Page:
December retail sales gain likely won't last as StatCan sees January sales falling

Food and beverage retailers saw gains driven mainly by a rebound in grocery
Statistics Canada says sales were up in five of the nine subsectors it tracks.

Retail sales in December came in slightly stronger than economists were expecting, driven by strong sales for new cars and parts.

Statistics Canada reported retail sales rose 0.9% to $67.3 billion in the month, while sales were up in five of nine subsectors.

For the full year, retail sales finished 2023 with a total of $794.4 billion — up 2.2% from 2022.

Canadian retailers ended the year on solid footing, which was a tick above the advance estimate and consensus, said Katherine Judge, senior economist at CIBC Capital Markets, in a note to clients on Thursday (Feb. 22).

"Sales in Q4 were overwhelmingly concentrated in autos, which accounted for 77% of the quarterly increase," she wrote.

"That's being facilitated by an easing of supply constraints, which doesn't pose a risk to inflation from the Bank of Canada's standpoint."

Sales in the motor vehicle and parts dealers category gained for the fourth consecutive month. 

Sales volumes were down in some key discretionary categories — clothing, sporting goods and furniture. Judge said it's a sign of weak demand that may have extended into January, based on the drop in the advance sales estimate.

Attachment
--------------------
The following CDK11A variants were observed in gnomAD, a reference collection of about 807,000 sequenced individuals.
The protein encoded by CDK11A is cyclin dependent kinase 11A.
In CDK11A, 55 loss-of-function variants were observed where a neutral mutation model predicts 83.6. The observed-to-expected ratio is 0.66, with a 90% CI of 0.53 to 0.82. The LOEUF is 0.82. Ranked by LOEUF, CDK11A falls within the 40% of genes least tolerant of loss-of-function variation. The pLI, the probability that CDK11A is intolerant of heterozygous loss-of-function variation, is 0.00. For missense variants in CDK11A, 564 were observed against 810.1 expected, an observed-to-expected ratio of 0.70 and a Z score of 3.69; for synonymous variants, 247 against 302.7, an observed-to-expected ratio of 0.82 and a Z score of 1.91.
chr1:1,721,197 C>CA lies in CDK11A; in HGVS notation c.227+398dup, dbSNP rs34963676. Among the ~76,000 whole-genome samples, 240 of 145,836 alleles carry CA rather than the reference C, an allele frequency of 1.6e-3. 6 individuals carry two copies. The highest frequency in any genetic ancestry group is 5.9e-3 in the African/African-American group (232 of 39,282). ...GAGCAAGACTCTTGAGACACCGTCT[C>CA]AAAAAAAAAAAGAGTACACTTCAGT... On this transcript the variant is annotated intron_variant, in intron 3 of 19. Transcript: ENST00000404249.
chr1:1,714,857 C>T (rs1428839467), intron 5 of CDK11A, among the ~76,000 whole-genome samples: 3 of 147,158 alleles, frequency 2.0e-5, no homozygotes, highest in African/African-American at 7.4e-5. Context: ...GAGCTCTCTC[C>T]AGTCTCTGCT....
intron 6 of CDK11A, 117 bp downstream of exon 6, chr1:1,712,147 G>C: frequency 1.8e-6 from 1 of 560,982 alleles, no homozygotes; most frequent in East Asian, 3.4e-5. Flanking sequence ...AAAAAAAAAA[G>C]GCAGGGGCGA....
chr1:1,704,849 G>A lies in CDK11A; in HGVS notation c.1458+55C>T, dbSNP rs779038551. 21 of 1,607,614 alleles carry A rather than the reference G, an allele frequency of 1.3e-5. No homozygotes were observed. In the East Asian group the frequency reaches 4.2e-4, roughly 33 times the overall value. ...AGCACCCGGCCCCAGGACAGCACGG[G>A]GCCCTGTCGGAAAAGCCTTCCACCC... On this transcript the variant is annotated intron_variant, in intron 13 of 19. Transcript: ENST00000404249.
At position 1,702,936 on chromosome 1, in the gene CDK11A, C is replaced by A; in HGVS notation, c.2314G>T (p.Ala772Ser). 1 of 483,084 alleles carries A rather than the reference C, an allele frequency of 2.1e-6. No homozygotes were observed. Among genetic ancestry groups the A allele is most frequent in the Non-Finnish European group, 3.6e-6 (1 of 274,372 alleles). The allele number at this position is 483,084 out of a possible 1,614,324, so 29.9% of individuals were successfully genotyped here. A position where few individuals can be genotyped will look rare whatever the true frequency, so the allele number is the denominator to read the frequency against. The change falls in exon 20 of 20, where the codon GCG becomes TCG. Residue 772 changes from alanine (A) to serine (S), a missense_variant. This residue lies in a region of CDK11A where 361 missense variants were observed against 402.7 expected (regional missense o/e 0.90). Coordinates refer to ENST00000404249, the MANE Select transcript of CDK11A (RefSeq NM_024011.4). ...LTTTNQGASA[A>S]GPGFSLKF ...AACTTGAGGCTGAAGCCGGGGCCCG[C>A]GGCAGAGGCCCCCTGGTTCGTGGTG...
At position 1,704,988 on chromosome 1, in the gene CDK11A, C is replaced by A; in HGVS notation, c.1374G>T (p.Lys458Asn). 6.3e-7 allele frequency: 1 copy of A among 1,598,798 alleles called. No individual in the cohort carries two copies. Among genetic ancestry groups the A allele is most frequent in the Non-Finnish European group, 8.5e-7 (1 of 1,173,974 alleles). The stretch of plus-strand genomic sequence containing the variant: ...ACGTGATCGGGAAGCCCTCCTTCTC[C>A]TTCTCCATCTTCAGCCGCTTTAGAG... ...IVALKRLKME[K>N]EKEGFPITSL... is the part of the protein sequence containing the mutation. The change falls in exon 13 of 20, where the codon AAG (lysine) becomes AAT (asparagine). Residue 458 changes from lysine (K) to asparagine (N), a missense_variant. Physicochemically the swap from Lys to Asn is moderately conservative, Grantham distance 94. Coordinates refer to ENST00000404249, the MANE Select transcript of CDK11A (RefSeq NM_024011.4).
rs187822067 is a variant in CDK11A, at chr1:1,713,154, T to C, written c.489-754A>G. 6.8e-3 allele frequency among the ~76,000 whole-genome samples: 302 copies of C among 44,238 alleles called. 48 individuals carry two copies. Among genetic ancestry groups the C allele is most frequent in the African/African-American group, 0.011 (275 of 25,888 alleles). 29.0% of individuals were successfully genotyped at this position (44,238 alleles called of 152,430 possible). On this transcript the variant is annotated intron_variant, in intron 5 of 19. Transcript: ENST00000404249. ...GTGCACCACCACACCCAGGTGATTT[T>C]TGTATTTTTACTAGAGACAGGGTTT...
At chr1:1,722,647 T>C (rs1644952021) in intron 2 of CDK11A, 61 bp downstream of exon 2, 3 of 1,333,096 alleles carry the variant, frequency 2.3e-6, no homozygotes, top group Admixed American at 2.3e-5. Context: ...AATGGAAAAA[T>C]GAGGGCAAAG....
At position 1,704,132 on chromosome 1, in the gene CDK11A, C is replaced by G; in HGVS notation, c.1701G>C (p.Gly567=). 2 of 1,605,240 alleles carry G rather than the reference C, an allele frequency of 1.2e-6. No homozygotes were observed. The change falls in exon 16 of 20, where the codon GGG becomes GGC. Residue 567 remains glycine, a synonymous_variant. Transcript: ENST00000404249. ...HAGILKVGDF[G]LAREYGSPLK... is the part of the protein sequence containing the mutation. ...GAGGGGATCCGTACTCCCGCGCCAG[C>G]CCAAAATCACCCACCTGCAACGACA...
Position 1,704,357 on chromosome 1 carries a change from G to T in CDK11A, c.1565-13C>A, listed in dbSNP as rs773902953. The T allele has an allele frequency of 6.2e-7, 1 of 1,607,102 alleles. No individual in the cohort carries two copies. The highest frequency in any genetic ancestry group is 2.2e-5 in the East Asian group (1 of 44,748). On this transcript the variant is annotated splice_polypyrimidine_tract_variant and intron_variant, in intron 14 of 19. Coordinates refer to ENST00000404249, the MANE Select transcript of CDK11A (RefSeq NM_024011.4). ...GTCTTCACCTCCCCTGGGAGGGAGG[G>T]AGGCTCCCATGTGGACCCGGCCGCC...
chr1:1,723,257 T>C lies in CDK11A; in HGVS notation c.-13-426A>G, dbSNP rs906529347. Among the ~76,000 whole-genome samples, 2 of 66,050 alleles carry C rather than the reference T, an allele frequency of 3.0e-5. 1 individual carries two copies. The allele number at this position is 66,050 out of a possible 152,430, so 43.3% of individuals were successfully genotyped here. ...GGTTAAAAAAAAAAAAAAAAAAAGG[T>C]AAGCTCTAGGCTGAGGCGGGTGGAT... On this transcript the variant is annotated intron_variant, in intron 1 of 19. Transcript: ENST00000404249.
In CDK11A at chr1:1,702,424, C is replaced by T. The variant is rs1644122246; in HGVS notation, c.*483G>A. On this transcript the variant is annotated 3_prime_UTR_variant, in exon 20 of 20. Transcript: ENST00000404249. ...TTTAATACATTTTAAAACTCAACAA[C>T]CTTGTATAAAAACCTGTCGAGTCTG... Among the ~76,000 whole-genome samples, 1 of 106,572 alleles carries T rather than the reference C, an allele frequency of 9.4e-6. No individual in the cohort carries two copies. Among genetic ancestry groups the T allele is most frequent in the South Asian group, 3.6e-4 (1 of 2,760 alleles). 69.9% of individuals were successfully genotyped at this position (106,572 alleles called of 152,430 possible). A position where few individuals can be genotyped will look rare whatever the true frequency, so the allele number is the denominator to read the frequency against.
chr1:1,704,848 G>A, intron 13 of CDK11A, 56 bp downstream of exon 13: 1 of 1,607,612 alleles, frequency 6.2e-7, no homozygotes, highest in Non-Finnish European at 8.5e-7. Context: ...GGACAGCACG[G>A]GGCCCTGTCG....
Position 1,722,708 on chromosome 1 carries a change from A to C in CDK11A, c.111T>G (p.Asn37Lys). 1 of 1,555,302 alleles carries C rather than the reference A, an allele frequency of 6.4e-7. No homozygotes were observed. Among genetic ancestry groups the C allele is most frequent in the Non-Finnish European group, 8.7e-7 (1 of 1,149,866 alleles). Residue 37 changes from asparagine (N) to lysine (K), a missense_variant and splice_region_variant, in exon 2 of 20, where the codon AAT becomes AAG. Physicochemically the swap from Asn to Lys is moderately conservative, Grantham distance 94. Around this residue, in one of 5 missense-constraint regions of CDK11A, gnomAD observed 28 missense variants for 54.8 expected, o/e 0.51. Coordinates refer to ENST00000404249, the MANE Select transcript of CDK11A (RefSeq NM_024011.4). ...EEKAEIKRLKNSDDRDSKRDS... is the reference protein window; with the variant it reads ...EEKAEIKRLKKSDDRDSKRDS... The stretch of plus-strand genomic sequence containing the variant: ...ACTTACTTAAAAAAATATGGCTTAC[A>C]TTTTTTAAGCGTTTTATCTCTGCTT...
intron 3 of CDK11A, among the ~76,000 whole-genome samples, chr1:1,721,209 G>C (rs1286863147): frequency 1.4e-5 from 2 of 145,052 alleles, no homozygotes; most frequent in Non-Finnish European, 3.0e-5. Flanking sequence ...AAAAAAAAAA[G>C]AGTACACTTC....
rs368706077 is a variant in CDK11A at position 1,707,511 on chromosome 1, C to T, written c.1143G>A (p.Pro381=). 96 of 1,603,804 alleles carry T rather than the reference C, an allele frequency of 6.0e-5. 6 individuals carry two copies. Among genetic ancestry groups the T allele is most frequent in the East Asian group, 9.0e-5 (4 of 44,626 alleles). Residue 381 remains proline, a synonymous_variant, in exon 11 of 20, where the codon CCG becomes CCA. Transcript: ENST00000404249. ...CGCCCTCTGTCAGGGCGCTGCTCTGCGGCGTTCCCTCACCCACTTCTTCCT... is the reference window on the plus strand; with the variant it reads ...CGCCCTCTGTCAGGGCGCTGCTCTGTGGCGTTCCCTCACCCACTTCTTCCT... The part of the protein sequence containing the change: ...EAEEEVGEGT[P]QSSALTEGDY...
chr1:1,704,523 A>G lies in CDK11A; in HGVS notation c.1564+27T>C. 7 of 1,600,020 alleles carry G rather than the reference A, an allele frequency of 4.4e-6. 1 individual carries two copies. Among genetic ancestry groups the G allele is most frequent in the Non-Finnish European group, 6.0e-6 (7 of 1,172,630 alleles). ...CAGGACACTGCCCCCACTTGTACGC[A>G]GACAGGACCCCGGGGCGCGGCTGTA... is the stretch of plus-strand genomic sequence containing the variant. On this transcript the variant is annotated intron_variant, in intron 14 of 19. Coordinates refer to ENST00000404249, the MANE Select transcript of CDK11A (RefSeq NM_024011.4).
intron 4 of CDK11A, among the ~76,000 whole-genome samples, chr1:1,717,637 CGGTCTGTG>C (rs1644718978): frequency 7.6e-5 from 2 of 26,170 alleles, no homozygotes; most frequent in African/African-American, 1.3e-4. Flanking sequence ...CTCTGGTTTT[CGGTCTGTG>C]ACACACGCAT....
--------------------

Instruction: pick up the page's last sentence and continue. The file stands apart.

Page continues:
Statistics Canada's early estimate for January sales pointed to a decrease of 0.4%.

Core retail sales — which exclude gasoline stations and fuel vendors, as well as motor vehicle and parts dealers — were up 0.5% in December.

Food and beverage retailers saw gains as well, driven mainly by a rebound in grocery, which was up 1.8 per cent.

"Food price inflation eased to the slowest pace seen in over two years in January, which could limit grocery store receipts in that month," Judge said.

On a provincial basis, she added, "sales were up in eight provinces, with Ontario and British Columbia seeing the largest increases, with the former tied to higher car sales and the latter to higher grocery store receipts."

"After consumer spending stagnated in the third quarter, it returned to a positive growth contributor in the fourth quarter, but we don't expect the momentum to last given the weak January advance estimate, as consumers are becoming more cautious with mortgages up for renewal," Judge said.

BMO Capital Markets economist Shelly Kaushik similarly noted the mixed bag of economic indicators with December's surprise to the upside being offset by a January that appears to be gloomier in tone.

"A perky retail sales report for December suggests Canadian consumers showed signs of strength to end the year," she wrote in a note to clients.

"However, a decline in January points to ongoing struggles amid elevated interest rates and still-above-target inflation."

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